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Public school choice—the initiative for broadening families' access to schools beyond their residence area—has broad public support and has been increasingly adopted across the US and abroad. Yet, how to operationalize school choice, i.e., what procedure should be used to assign students to schools, remains hotly debated. An important debate centers around(More)
An important debate centers on what procedure should be used to allocate students across public schools. We contribute to this debate by developing and estimating a model of school choices by households under one of the most popular procedures known as the Boston mechanism (BM). We recover the joint distribution of household preferences and sophistication(More)
Within the last decade, many Chinese provinces have transitioned from the 'sequential' to the 'parallel' college admissions mechanisms. We show that all of the provinces that have abandoned the sequential mechanism have moved towards less manipulable and more stable mechanisms. Furthermore, Tibet implements the least manipulable parallel mechanism, whereas(More)
  • Sekyu Choi, Arnau Valladares-Esteban, Nezih Guner, Stefania Albanesi, Claustre Bajona, Regis Barnichon +11 others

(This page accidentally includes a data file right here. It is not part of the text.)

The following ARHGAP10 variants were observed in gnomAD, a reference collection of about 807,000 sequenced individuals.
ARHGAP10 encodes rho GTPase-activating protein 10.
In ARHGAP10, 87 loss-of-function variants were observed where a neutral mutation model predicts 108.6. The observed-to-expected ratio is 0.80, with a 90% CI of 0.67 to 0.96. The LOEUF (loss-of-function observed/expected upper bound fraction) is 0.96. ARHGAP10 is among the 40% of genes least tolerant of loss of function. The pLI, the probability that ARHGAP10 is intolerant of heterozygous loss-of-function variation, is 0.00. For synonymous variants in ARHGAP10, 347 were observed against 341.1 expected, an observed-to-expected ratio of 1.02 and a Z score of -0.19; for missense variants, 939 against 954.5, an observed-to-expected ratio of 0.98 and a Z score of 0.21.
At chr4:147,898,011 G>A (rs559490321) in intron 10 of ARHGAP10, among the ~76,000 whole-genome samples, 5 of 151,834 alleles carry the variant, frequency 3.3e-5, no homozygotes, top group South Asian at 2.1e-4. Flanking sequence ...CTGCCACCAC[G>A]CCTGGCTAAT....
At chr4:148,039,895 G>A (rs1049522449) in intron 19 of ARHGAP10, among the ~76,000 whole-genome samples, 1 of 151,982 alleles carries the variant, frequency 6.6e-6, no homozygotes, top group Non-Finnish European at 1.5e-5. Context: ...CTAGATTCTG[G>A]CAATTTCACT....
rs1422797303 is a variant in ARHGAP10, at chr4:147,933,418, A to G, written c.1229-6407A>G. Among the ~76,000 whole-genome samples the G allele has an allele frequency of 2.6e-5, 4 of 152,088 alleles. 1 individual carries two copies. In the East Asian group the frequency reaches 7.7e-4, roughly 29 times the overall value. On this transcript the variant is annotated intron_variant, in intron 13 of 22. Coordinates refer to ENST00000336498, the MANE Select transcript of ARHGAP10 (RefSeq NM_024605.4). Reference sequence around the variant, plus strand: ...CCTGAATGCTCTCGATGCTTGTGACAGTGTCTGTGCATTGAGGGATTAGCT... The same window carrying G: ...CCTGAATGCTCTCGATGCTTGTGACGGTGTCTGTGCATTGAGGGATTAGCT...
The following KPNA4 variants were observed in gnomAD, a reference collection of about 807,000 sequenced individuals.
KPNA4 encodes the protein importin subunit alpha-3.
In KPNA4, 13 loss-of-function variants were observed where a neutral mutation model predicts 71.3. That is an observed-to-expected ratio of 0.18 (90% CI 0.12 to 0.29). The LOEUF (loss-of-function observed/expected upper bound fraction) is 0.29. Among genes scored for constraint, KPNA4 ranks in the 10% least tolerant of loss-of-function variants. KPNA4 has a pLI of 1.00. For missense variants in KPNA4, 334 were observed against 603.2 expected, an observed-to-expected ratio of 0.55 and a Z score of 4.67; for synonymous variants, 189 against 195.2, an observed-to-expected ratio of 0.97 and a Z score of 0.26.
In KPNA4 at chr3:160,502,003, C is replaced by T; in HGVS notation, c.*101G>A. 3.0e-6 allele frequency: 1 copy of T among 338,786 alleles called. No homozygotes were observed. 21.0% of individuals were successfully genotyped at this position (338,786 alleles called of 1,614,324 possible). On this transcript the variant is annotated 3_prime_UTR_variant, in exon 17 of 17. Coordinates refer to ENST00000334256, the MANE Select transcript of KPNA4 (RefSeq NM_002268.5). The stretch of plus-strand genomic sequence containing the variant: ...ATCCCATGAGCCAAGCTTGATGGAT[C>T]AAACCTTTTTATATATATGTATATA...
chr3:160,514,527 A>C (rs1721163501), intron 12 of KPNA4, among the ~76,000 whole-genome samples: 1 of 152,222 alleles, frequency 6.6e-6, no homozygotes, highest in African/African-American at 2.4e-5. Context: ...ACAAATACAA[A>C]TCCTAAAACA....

• 2015
In this paper we study unemployment insurance in a framework where the main source of heterogeneity among agents is the type of household they live in: some agents live alone while others live with their spouses as a family. Our exercise is motivated by the fact that married individuals can rely on spousal income to smooth labor market shocks, while singles(More)
We conduct two experiments where subjects make a sequence of binary choices between risky and ambiguous binary lotteries. Risky lotteries are defined as lotteries where the relative frequencies of outcomes are known. Ambiguous lotteries are lotteries where the relative frequencies of outcomes are not known or may not exist. The trials in each experiment are(More)
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